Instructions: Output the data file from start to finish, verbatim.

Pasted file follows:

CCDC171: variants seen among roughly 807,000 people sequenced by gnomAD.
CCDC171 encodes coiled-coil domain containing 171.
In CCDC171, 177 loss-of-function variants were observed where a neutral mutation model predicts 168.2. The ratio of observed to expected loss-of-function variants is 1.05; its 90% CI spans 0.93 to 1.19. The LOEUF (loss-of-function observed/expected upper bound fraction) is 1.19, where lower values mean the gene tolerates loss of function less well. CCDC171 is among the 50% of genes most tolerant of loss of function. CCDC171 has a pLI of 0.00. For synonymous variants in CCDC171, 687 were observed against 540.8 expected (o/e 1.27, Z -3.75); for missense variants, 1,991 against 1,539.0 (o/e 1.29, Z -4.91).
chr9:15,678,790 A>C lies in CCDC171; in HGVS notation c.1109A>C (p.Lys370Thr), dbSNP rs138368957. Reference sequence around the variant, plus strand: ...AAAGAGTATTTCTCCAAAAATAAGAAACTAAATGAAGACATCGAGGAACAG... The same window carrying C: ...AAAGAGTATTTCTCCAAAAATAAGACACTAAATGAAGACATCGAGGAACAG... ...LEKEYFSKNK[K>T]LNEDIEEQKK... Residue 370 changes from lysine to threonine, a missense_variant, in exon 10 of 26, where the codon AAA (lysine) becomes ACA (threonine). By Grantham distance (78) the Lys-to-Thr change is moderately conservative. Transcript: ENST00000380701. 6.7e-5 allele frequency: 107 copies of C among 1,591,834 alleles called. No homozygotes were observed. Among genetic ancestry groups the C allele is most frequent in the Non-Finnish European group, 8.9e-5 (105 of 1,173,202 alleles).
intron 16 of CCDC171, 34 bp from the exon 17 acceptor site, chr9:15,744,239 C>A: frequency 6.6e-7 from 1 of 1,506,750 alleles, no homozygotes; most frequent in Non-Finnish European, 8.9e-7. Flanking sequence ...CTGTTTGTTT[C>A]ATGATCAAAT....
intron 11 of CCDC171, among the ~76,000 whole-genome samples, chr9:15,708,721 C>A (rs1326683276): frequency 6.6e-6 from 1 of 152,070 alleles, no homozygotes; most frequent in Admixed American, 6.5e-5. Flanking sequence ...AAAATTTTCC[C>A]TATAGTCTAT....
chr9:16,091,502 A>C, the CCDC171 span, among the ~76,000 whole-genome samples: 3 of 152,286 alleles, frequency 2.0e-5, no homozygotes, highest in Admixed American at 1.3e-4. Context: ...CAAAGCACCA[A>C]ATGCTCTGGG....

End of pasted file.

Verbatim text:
CCDC171: variants seen among roughly 807,000 people sequenced by gnomAD.
CCDC171 encodes coiled-coil domain containing 171.
In CCDC171, 177 loss-of-function variants were observed where a neutral mutation model predicts 168.2. The ratio of observed to expected loss-of-function variants is 1.05; its 90% CI spans 0.93 to 1.19. The LOEUF (loss-of-function observed/expected upper bound fraction) is 1.19, where lower values mean the gene tolerates loss of function less well. CCDC171 is among the 50% of genes most tolerant of loss of function. CCDC171 has a pLI of 0.00. For synonymous variants in CCDC171, 687 were observed against 540.8 expected (o/e 1.27, Z -3.75); for missense variants, 1,991 against 1,539.0 (o/e 1.29, Z -4.91).
chr9:15,678,790 A>C lies in CCDC171; in HGVS notation c.1109A>C (p.Lys370Thr), dbSNP rs138368957. Reference sequence around the variant, plus strand: ...AAAGAGTATTTCTCCAAAAATAAGAAACTAAATGAAGACATCGAGGAACAG... The same window carrying C: ...AAAGAGTATTTCTCCAAAAATAAGACACTAAATGAAGACATCGAGGAACAG... ...LEKEYFSKNK[K>T]LNEDIEEQKK... Residue 370 changes from lysine to threonine, a missense_variant, in exon 10 of 26, where the codon AAA (lysine) becomes ACA (threonine). By Grantham distance (78) the Lys-to-Thr change is moderately conservative. Transcript: ENST00000380701. 6.7e-5 allele frequency: 107 copies of C among 1,591,834 alleles called. No homozygotes were observed. Among genetic ancestry groups the C allele is most frequent in the Non-Finnish European group, 8.9e-5 (105 of 1,173,202 alleles).
intron 16 of CCDC171, 34 bp from the exon 17 acceptor site, chr9:15,744,239 C>A: frequency 6.6e-7 from 1 of 1,506,750 alleles, no homozygotes; most frequent in Non-Finnish European, 8.9e-7. Flanking sequence ...CTGTTTGTTT[C>A]ATGATCAAAT....
intron 11 of CCDC171, among the ~76,000 whole-genome samples, chr9:15,708,721 C>A (rs1326683276): frequency 6.6e-6 from 1 of 152,070 alleles, no homozygotes; most frequent in Admixed American, 6.5e-5. Flanking sequence ...AAAATTTTCC[C>A]TATAGTCTAT....
chr9:16,091,502 A>C, the CCDC171 span, among the ~76,000 whole-genome samples: 3 of 152,286 alleles, frequency 2.0e-5, no homozygotes, highest in Admixed American at 1.3e-4. Context: ...CAAAGCACCA[A>C]ATGCTCTGGG....